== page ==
05 Jun 2020 EU Auditors report on CAP and farmland biodiversity published
Today, the European Court of Auditors published its assessment on whether the EU’s agricultural policy has helped to maintain and enhance farmland biodiversity. Unsurprisingly, they found the European farmland biodiversity continues to be in decline. The assessment comes just hot on the heels after the EC launched the Farm to Fork Strategy and EU Biodiversity Strategy to 2030.
The European Court of Auditors report comes in time to deliver another reality check as to the current situation of Europe’s farmland biodiversity. They found that the number and variety of animal species on farmland is in marked decline. Yet, the EU committed to stop biodiversity loss by 2020. To do this, the Commission planned to allocate €66 billion from the Common Agricultural Policy (CAP) between 2014 and 2020.
Viorel Ștefan, the ECA Member responsible for the report stated: “The CAP has so far been insufficient to counteract declining biodiversity on farmland, a major threat for both farming and the environment”.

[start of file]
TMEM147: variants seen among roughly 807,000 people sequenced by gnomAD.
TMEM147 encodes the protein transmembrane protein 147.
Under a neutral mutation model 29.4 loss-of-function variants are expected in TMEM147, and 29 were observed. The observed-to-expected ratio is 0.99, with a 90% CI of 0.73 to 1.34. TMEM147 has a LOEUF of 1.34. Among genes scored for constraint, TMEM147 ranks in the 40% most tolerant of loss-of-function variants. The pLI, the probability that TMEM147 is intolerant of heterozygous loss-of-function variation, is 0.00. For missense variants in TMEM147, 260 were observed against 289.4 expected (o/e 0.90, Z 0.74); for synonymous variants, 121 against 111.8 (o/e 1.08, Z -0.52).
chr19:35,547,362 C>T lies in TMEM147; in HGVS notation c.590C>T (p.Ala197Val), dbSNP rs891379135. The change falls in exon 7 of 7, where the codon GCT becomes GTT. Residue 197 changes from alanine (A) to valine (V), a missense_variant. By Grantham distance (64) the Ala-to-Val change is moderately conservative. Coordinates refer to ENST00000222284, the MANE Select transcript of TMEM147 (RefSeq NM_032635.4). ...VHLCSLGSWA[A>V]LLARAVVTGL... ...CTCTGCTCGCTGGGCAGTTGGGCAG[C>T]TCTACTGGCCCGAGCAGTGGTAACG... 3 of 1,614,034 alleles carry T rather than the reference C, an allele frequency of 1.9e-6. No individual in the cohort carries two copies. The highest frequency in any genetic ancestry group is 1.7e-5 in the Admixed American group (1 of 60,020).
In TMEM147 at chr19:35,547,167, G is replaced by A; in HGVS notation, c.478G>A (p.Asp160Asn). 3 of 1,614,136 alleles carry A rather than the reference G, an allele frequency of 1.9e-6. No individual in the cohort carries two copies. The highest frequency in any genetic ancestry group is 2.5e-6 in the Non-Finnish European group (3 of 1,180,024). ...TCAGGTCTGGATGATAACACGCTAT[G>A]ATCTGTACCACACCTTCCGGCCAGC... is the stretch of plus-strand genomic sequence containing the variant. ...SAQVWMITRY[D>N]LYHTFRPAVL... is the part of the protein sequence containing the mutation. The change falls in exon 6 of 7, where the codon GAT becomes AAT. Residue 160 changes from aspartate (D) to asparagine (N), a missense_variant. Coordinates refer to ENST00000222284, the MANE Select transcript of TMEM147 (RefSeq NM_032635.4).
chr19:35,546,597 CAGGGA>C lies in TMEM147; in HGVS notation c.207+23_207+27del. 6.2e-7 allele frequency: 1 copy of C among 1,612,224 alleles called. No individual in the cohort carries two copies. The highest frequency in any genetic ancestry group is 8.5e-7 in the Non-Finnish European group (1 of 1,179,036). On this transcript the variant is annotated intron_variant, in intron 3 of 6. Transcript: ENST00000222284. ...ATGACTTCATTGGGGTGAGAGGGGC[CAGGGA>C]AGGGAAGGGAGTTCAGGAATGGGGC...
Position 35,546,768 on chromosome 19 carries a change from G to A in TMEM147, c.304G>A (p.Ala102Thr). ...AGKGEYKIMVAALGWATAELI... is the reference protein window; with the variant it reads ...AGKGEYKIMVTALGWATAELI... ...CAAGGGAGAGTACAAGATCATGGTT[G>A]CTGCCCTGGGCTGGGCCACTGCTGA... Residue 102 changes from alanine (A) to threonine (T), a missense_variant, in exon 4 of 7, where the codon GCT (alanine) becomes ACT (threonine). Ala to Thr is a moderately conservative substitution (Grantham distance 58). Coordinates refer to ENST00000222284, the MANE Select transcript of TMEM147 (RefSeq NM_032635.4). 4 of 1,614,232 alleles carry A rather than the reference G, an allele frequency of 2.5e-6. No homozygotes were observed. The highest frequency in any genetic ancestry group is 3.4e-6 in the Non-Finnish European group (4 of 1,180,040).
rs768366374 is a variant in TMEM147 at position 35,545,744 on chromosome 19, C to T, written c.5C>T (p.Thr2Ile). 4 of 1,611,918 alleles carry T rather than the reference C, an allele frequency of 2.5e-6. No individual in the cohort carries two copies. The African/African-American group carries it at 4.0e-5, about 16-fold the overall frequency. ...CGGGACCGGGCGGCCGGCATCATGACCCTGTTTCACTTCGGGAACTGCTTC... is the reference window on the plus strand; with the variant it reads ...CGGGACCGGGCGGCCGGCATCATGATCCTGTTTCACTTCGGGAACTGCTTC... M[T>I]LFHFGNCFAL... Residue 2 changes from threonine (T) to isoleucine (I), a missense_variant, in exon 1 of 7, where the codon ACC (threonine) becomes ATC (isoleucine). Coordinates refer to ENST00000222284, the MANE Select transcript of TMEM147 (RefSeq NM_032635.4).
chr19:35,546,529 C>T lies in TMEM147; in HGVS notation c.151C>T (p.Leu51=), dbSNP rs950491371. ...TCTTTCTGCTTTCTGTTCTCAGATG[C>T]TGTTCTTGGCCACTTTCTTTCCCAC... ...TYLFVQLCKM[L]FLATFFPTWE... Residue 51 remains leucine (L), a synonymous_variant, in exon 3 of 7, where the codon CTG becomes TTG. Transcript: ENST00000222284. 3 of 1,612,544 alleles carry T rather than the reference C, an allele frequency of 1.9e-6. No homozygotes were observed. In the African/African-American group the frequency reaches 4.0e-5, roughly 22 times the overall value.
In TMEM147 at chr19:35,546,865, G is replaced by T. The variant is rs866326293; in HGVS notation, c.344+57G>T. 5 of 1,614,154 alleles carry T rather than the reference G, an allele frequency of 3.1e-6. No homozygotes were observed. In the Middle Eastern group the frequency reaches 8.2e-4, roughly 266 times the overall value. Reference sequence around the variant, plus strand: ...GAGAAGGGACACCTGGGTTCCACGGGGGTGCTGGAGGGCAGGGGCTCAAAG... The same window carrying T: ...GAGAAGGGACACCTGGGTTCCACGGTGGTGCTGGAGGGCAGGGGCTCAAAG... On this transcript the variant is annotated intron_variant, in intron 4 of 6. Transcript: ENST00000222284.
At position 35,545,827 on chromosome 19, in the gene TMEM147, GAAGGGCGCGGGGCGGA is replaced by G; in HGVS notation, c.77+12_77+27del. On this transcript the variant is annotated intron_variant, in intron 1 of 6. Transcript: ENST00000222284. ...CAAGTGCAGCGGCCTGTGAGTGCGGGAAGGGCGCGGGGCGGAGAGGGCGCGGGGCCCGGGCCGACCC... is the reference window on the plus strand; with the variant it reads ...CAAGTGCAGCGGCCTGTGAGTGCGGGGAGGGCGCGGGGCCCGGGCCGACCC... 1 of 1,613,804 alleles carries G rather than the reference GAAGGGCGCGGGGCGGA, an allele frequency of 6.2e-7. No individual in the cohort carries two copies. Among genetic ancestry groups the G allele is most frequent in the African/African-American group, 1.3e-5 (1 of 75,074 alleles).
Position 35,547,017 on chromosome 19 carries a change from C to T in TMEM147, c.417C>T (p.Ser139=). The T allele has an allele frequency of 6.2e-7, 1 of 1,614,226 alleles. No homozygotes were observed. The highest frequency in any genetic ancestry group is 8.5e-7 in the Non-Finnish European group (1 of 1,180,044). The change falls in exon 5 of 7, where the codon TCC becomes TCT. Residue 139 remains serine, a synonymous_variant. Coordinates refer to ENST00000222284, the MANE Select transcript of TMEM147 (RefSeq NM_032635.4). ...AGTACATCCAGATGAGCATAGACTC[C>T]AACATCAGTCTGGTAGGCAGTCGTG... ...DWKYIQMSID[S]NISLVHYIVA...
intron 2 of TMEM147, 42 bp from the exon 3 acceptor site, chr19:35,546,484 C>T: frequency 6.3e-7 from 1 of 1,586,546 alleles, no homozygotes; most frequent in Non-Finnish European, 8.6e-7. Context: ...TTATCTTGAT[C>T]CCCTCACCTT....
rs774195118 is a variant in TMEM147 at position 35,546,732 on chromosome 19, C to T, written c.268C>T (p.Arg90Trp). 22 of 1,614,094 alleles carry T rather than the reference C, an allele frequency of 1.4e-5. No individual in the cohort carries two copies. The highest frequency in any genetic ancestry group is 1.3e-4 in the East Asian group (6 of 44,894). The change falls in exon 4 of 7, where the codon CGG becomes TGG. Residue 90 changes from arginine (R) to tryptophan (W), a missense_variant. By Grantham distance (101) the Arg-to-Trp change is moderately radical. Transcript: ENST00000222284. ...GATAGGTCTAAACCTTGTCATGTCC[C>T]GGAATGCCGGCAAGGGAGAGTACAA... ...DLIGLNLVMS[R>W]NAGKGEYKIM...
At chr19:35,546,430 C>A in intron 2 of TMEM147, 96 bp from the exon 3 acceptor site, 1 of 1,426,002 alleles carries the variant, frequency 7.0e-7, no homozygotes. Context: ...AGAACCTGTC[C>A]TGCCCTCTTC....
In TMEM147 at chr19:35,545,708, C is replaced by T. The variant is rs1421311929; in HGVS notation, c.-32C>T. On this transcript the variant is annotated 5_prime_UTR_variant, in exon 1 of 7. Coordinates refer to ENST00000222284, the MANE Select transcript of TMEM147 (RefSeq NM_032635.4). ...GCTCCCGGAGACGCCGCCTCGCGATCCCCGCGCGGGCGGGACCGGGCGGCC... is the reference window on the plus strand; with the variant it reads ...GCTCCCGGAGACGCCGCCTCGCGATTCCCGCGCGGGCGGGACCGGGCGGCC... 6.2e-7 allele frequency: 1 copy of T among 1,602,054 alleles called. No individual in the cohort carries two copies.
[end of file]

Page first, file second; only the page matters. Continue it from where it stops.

Overall, the European Court of Auditors found in their assessment of the EU’s agricultural policy towards farmland biodiversity that:
- The formulation of the agriculture targets in the EU biodiversity strategy makes it difficult to measure progress;
- The way the Commission tracks biodiversity expenditure in the EU budget is unreliable;
- The impact of CAP direct payments on biodiversity is limited or unknown;
- The Commission and Member States have favoured lower-impact rural development measures.
According to Dr. David Scallan, FACE Secretary General: “FACE has been stressing the need for strong biodiversity objectives in the next CAP. Europe’s national hunting associations will be supporting FACE in ensuring the effective design and delivery of the next CAP so that governments pay strong attention to achieving biodiversity targets. The dramatic decline in small game populations, such as the Grey Partridge and Brown Hare is alarming”.
The European Court of Auditors concluded with the recommendation that the Commission should:
- Improve the design of its next biodiversity strategy;
- Enhance the contribution made to biodiversity by direct payments and rural development action;
- Track biodiversity-related expenditure more accurately;
- Develop reliable indicators that are suited to monitoring progress in farmland biodiversity.
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